In August, we all begin to wilt a bit from the unrelenting summer heat. This is the time to reach for the refreshing, delicate rieslings from Germany's Mosel River Valley.
If you associate German wines with cloying, overly sweet wines like Blue Nun and Liebfraumilch, you'll miss out on some of the finest wines produced anywhere in the world, wines that are perfect with summer food or for sipping on the patio after a long, hot day.
The elegant riesling grape makes its home in all the wine-growing areas in Germany. Many believe the Mosel-Saar-Ruwer area in the southwest may be the finest location in the world for it.
The area is so far north, it's surprising grapes even grow there. The vineyards are precisely situated to extract every bit of precious sunshine and warmth.
Never miss a local story.
The best vineyards are on steep hills that face south along the twisting Mosel River. The slopes act like solar panels to capture sun and reflect heat from the river. The soil is a gray slate that retains heat to keep the roots warm and reflects heat up to the plant. Riesling also is so successful there because it is one of the few grapes that doesn't need to be fully ripe.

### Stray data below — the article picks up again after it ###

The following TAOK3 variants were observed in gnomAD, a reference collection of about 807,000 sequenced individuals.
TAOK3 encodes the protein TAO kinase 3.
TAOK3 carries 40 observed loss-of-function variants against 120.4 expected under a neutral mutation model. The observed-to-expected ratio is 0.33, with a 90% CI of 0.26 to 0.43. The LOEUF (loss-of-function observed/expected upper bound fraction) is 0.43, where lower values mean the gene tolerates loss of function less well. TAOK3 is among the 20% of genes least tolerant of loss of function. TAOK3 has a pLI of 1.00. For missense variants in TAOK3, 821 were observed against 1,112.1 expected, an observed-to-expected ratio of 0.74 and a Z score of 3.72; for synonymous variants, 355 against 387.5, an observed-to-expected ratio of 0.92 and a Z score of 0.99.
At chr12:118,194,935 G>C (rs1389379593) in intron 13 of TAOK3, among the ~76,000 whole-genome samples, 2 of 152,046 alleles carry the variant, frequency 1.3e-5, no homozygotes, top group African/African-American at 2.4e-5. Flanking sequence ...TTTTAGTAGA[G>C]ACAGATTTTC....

Riesling is an aromatic grape, meaning it has distinct, pure aromas that don't need to be enhanced by oak aging. The best wines have gorgeous aromas of fruit and flowers, with underlying hints of minerals. Because the acid is so high, most winemakers leave in a bit of sweetness.
The goal is not necessarily to make a wine that tastes sweet, but to make a wine that is perfectly balanced, where all the components – aromatics, acid, alcohol and sweetness – fall in line.
Rieslings are pure, clear expressions of the grape, complex and interesting yet delicate. Some have more sweetness than others, so you may like one producer or style over another. But the hallmark of any style of Mosel wine, from completely dry to sweet, is clarity and elegance.
These wines are among the most versatile and food-friendly in the world. Lightly sweet styles are perfect with spicy foods. The sweetness tames the heat and creates great flavor experiences. I love these wines with take-out sushi or Thai food. It seems kind of odd match, but they also are wonderful with fried foods, such as calamari or with a picnic of cold fried chicken.
Scratch the surface of any wine lover and you'll find that even folks who drink nothing but big, tooth-staining reds appreciate the sheer elegance of Mosels. Many of our local wine shops carry a nice selection, and they're often real bargains.
You can find a wine from one of the top estates in the Mosel for less than a tenth of the price of a wine from one of the top estates in Bordeaux.
I recently enjoyed a Joh. Jos. Christoffel Erben 2006 Riesling Kabinet for $27.99 at the Wine Shop at Fairview. It's one of the very best wines produced in Germany and still less than $30. Try finding a deal like that from France, Italy or even California.